Dahlias, tuberous begonias, and other tender perennials are attractive plants for the home landscape. The "bulbs" (actually tubers, rhizomes, and other structures) of tender perennials are usually planted directly outdoors in spring. However, these attractive ornamentals can be enjoyed for longer periods by starting them indoors in late winter.
Plant tubers indoors about 8 weeks before the average last spring frost in your area. When planting the tubers, place the concave or indented side upward. The rounded side is the bottom. Cover the tubers with 1/2 to 1 inch of potting soil. Water well. Then place the containers in a warm, 70°F location. Since the tubers are susceptible to rotting, keep the potting mix moist, but not wet.
Plant caladium tubers indoors 4 to 6 weeks before the average last frost date in your area. Tubers should be planted 1 to 2 inches deep. When planting the tubers, place the knobby side up. The knobs are the tuber's eyes or buds. After planting, place the containers in a warm, 75 to 80°F location to facilitate sprouting.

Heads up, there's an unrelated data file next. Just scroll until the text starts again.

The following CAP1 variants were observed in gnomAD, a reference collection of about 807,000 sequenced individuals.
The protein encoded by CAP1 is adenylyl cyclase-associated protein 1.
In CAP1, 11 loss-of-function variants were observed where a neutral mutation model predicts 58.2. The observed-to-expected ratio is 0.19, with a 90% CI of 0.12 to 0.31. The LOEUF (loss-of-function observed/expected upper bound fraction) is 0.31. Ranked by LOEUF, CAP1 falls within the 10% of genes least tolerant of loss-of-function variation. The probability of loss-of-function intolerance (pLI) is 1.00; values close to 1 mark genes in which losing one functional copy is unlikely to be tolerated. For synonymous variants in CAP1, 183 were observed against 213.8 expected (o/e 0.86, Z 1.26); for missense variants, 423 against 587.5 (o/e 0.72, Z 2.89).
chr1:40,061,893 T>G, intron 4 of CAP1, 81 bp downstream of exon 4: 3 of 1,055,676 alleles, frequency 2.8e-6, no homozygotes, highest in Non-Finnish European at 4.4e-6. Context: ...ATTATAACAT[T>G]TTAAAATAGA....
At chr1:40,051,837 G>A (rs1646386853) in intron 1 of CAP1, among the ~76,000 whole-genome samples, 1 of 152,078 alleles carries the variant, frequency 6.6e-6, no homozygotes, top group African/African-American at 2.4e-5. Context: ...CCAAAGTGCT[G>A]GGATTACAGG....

Start canna rhizomes indoors 4 to 6 weeks before the average last frost date in your area. Plant the cannas in large pots. The rhizomes should be covered with 3 to 4 inches of potting soil.
Plant dahlias indoors 6 to 8 weeks before the intended outdoor planting date. Pot up the dahlia tubers in large pots using a well-drained potting mix. Cover the tuber with 1 inch of soil, but leave the dahlia's crown exposed at the surface of the potting mix. Dahlia tubers are susceptible to rotting. Keep the potting mix moist, but not wet.
Start elephant's ear indoors 6 to 8 weeks before the average last frost date in your area. Plant the tubers 1 to 2 inches deep. Foliage may not appear for several weeks as elephant's ear tubers are often slow to sprout.
Plant calla lily rhizomes 1 to 2 inches deep in a well-drained potting mix about 6 to 8 weeks before the average last spring frost in your area. After potting, water well and place the containers in a warm, 70 to 75°F location. Keep the potting mix moist, but not wet.
When foliage appears, move the plants to a sunny window or place them under fluorescent lights. Before planting outdoors, harden or acclimate the tender perennials to outdoor growing conditions. Initially, place the plants in a shady, protected location and then gradually expose them to longer periods of sunlight. After they have been hardened, plant the tender perennials in their proper location.